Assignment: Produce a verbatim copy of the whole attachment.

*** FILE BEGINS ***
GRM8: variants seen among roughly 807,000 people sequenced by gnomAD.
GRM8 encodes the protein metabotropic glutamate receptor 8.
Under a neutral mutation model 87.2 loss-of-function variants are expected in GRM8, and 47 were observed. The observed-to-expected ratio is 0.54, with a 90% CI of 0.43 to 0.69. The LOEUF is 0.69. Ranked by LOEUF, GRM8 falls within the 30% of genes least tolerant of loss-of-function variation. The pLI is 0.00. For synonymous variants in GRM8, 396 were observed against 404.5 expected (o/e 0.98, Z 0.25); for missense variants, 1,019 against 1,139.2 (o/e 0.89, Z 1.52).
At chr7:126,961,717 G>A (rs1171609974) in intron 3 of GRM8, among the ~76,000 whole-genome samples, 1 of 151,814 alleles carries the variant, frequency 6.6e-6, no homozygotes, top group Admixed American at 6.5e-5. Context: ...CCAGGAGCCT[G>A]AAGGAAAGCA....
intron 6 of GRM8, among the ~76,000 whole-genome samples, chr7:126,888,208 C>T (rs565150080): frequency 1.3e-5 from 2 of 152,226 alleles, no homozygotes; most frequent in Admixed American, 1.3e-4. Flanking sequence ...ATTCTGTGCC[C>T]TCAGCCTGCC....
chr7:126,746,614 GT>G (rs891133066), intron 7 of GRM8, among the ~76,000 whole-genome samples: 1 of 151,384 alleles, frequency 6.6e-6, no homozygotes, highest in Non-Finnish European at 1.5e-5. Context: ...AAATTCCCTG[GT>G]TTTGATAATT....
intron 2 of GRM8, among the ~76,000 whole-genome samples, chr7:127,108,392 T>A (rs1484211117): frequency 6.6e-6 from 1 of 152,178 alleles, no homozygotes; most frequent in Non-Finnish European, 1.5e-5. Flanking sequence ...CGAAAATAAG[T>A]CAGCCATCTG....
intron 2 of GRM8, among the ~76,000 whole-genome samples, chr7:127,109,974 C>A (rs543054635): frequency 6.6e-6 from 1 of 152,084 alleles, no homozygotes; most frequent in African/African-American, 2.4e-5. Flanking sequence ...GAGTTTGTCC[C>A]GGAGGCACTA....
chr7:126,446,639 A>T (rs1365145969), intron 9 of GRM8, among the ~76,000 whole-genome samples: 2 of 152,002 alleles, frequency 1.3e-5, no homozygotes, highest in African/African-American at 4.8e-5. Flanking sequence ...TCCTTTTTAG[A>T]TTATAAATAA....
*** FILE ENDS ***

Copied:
GRM8: variants seen among roughly 807,000 people sequenced by gnomAD.
GRM8 encodes the protein metabotropic glutamate receptor 8.
Under a neutral mutation model 87.2 loss-of-function variants are expected in GRM8, and 47 were observed. The observed-to-expected ratio is 0.54, with a 90% CI of 0.43 to 0.69. The LOEUF is 0.69. Ranked by LOEUF, GRM8 falls within the 30% of genes least tolerant of loss-of-function variation. The pLI is 0.00. For synonymous variants in GRM8, 396 were observed against 404.5 expected (o/e 0.98, Z 0.25); for missense variants, 1,019 against 1,139.2 (o/e 0.89, Z 1.52).
At chr7:126,961,717 G>A (rs1171609974) in intron 3 of GRM8, among the ~76,000 whole-genome samples, 1 of 151,814 alleles carries the variant, frequency 6.6e-6, no homozygotes, top group Admixed American at 6.5e-5. Context: ...CCAGGAGCCT[G>A]AAGGAAAGCA....
intron 6 of GRM8, among the ~76,000 whole-genome samples, chr7:126,888,208 C>T (rs565150080): frequency 1.3e-5 from 2 of 152,226 alleles, no homozygotes; most frequent in Admixed American, 1.3e-4. Flanking sequence ...ATTCTGTGCC[C>T]TCAGCCTGCC....
chr7:126,746,614 GT>G (rs891133066), intron 7 of GRM8, among the ~76,000 whole-genome samples: 1 of 151,384 alleles, frequency 6.6e-6, no homozygotes, highest in Non-Finnish European at 1.5e-5. Context: ...AAATTCCCTG[GT>G]TTTGATAATT....
intron 2 of GRM8, among the ~76,000 whole-genome samples, chr7:127,108,392 T>A (rs1484211117): frequency 6.6e-6 from 1 of 152,178 alleles, no homozygotes; most frequent in Non-Finnish European, 1.5e-5. Flanking sequence ...CGAAAATAAG[T>A]CAGCCATCTG....
intron 2 of GRM8, among the ~76,000 whole-genome samples, chr7:127,109,974 C>A (rs543054635): frequency 6.6e-6 from 1 of 152,084 alleles, no homozygotes; most frequent in African/African-American, 2.4e-5. Flanking sequence ...GAGTTTGTCC[C>A]GGAGGCACTA....
chr7:126,446,639 A>T (rs1365145969), intron 9 of GRM8, among the ~76,000 whole-genome samples: 2 of 152,002 alleles, frequency 1.3e-5, no homozygotes, highest in African/African-American at 4.8e-5. Flanking sequence ...TCCTTTTTAG[A>T]TTATAAATAA....